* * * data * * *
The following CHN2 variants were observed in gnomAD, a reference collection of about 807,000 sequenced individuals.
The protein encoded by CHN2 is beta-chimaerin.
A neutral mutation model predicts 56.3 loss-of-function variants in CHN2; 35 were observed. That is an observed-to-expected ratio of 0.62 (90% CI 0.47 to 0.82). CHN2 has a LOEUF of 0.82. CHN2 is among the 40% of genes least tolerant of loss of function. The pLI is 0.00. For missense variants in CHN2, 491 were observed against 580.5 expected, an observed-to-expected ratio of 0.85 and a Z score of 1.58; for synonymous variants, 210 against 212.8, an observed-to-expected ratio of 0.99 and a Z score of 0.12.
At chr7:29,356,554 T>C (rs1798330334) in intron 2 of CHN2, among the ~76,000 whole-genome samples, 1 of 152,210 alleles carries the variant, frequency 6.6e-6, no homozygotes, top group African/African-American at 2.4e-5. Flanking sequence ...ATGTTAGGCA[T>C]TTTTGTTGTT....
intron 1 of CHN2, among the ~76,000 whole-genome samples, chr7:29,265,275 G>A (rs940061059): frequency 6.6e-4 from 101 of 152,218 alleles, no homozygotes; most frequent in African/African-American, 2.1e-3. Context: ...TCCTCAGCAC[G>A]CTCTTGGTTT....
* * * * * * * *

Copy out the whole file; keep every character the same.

The following CHN2 variants were observed in gnomAD, a reference collection of about 807,000 sequenced individuals.
The protein encoded by CHN2 is beta-chimaerin.
A neutral mutation model predicts 56.3 loss-of-function variants in CHN2; 35 were observed. That is an observed-to-expected ratio of 0.62 (90% CI 0.47 to 0.82). CHN2 has a LOEUF of 0.82. CHN2 is among the 40% of genes least tolerant of loss of function. The pLI is 0.00. For missense variants in CHN2, 491 were observed against 580.5 expected, an observed-to-expected ratio of 0.85 and a Z score of 1.58; for synonymous variants, 210 against 212.8, an observed-to-expected ratio of 0.99 and a Z score of 0.12.
At chr7:29,356,554 T>C (rs1798330334) in intron 2 of CHN2, among the ~76,000 whole-genome samples, 1 of 152,210 alleles carries the variant, frequency 6.6e-6, no homozygotes, top group African/African-American at 2.4e-5. Flanking sequence ...ATGTTAGGCA[T>C]TTTTGTTGTT....
intron 1 of CHN2, among the ~76,000 whole-genome samples, chr7:29,265,275 G>A (rs940061059): frequency 6.6e-4 from 101 of 152,218 alleles, no homozygotes; most frequent in African/African-American, 2.1e-3. Context: ...TCCTCAGCAC[G>A]CTCTTGGTTT....